Wow, you propably couldn´t find a stash of Saabs like that here in Sweden anymore but as said, there are still enough well kept ones and junkyard cars too to fill the demand among fans – not as many as before due to demographics – after all, these were cars built for a time and market where durability and economy were major selling points and making do and improving on with what you could afford was made part of the charm. Also, front wheel drive was not common even on european cars back then so they were a bit special in that way too, but nowadays, well… no.

    Still, now and then i stumble upon heavily reworked little Saabs like these on car shows, usually built with serious ingenuity and extreme workmanship to high standards. For example one sweet 50´s style top-chopped kustom with stretched rear fenders resembling a three-quarter scale ´49 Mercury based on a 93F like that grey one, and a road racer styled black 96 running an injected and turbocharged Ford Cologne V6 (2.9L i as i remember it, the same engine family as the ´90s 4.0L SOHC found in basic Mustangs, Rangers and Explorers). Another serious conversion seen in the magazines is a 92, which actually where built with transversally mounted engines (2 cylinders) so in a way it was a shoe-in to exchange the machinery for that of a Saab 9000. Hardly easy but doable. All original on the outside, a perfect sleeper.

    And then there are the not that uncommon “hillbilly” hot rod conversions with again the venerable Cologne V6:s – practically a total bolt-in if the engine at hand is one of lesser performance as the original transmission is quite sturdy and can easily be upgraded to take some 130 PS (about the same in HP SAE Net) in rallye conditions. That´s about the safe limit for the V4, preferably the 1.7L found in other cars, and where Saab drew the line. Some more to churn out if you´re adventurous with things starting to self-destruct around 155-160 PS – or at least that´s what an old Saab shop owner/competion driver once told me, r.i.p..

    I´ve seen a couple of these pocket rockets running the Cologne 2.6L at some 115 PS (think of Mustang II and the original Mercury Capri) and the owners/builders claimed that except for the clutch and radiation not that much had been changed. Then again, those had yet to be taken to inspection, hrrrm… Anyway, i was told they were a hoot to drive on gravel roads and not as hard to steer as excepted with the extra weight gain of the 2 more cylinders. I guess they were lumber jacks.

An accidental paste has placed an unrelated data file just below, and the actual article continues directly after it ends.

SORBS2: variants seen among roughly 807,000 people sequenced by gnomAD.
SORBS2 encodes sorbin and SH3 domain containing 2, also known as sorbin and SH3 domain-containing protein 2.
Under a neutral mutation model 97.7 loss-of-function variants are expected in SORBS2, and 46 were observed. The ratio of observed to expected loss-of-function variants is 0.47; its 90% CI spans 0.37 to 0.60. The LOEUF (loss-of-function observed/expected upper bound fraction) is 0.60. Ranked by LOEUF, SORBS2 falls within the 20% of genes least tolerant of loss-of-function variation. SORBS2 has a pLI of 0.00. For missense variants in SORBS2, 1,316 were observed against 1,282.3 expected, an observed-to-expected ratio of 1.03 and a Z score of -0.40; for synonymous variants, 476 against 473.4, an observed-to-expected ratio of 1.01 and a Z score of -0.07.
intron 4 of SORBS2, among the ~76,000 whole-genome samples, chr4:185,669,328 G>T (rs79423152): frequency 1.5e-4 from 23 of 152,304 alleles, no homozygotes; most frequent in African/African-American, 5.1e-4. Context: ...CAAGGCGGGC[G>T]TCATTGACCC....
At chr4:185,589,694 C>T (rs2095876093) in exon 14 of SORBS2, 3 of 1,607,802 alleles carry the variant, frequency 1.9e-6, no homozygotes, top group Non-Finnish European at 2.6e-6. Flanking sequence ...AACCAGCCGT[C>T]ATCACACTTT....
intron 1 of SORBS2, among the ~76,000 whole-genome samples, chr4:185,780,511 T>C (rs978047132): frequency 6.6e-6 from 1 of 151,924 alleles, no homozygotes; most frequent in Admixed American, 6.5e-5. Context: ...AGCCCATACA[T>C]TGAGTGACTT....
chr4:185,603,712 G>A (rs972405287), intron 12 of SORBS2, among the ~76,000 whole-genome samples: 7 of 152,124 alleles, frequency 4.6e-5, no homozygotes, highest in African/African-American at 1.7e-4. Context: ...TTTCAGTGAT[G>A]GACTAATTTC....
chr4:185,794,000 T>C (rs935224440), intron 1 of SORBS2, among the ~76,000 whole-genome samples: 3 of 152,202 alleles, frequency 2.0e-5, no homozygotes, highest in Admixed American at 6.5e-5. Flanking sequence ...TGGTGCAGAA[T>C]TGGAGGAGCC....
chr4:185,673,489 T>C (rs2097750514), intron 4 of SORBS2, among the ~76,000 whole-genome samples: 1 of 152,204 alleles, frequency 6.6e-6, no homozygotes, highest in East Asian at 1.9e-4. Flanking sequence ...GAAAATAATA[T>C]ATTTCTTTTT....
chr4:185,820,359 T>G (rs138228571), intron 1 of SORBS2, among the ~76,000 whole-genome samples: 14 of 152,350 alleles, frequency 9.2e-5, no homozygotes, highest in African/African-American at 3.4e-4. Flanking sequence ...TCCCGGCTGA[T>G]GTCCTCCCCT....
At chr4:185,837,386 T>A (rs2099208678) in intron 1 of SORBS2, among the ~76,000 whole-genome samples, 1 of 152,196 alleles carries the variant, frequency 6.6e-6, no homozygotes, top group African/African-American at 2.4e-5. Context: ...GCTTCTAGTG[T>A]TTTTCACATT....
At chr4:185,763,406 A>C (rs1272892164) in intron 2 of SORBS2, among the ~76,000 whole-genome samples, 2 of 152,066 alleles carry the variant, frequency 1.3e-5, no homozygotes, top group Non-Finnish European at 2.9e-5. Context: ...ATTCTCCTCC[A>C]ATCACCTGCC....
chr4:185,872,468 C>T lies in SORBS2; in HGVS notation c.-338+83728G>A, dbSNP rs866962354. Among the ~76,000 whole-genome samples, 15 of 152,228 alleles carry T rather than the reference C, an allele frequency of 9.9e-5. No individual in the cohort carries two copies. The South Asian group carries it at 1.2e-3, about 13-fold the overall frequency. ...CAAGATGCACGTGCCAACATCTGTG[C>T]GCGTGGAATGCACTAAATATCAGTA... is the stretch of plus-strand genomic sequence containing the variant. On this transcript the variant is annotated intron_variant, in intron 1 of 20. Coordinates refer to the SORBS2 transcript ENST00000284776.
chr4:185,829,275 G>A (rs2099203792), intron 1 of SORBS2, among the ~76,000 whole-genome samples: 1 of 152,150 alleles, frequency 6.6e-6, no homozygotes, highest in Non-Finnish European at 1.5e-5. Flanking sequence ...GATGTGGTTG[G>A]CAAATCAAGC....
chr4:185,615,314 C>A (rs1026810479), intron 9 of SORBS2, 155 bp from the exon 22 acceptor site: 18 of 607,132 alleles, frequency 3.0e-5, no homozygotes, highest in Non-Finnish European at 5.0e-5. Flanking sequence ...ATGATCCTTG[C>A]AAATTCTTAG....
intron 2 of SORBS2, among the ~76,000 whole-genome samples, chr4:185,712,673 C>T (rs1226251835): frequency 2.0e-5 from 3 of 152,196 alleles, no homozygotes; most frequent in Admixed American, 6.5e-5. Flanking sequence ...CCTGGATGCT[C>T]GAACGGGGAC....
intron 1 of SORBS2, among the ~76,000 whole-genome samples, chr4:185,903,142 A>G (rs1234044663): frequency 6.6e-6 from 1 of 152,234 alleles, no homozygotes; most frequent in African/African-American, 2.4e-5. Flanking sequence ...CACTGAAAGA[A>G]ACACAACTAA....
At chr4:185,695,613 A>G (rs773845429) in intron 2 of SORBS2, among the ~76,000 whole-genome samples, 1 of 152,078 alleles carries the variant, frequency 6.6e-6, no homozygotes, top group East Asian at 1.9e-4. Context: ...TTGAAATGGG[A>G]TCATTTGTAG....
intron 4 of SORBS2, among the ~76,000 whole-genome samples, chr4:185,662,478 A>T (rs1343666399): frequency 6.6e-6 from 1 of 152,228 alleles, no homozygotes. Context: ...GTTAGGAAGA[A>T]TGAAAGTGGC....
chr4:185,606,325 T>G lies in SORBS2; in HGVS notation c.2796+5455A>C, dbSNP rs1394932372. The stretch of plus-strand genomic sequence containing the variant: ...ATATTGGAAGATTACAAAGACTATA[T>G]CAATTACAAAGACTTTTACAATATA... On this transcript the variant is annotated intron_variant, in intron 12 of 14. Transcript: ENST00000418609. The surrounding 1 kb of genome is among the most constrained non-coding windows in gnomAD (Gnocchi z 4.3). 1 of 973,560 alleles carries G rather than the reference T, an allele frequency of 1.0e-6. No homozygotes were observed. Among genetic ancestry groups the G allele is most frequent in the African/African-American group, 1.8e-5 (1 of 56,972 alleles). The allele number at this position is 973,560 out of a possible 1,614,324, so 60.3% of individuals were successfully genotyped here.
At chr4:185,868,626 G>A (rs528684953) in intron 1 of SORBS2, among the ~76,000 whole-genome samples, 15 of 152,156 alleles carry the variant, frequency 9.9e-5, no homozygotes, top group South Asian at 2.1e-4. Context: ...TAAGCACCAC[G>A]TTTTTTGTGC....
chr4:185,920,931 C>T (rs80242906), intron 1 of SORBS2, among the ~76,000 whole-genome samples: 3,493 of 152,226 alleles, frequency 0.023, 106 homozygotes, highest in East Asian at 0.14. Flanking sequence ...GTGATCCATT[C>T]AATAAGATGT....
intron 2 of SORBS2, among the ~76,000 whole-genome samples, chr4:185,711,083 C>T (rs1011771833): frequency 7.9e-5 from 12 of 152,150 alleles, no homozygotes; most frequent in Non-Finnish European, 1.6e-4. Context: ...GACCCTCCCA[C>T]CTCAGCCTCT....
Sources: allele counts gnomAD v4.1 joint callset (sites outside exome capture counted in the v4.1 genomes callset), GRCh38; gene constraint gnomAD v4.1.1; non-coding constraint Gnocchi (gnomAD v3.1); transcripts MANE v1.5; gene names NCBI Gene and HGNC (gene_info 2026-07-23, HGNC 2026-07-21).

Fun fact: the Ford Taunus/Cologne engine in its original V4 was heavily reworked by Saab technicians befored adopted, sorting out a lot of overheating problems and such. Changes was carried over to the Cologne V6 which was developed in Germany, hence the name. The 1,5L V4 was kept in production some 6-8 years after Ford of Germany stopped using it just for purveying it to Saabs ageing 96/95 series ending in 1980 (the 1.7L remained for a year or so more as base engine in the german Granada line, possibly kept longer in production for Ford Power Products applications).

    Good to know, should you decide to buy a Saab like those, is that some parts are interchangeable between these V4:s and V6:s and the Windsor V8 and the “Pinto” 2.0L straight four. Takes some part number knowledge, though.

    …That idea about taking a Saab unibody and fit it on a VW Beetle platform… Not that far fetched after all, even though it would be a ton of work propably to fit it. The thought has crossed my mind as to the likenesses in overall shape between the Saab 92/93 body style and the Porsche 956/1600 coupe. Not that i would cut up one of those, but the common 96 could propably be turned in to a really nice shell for a roadster in the style of those german and austrian VW based jobs of the fifties like the Rometsch Cabriolet (Google it), aimed at the market of people wanting something more up-to-date than the Volkswagen Cabriolet but finding the Porsche too expensive.

    Like 2
  16. John

    Thanks Hasse. A lot of information there!

    Like 1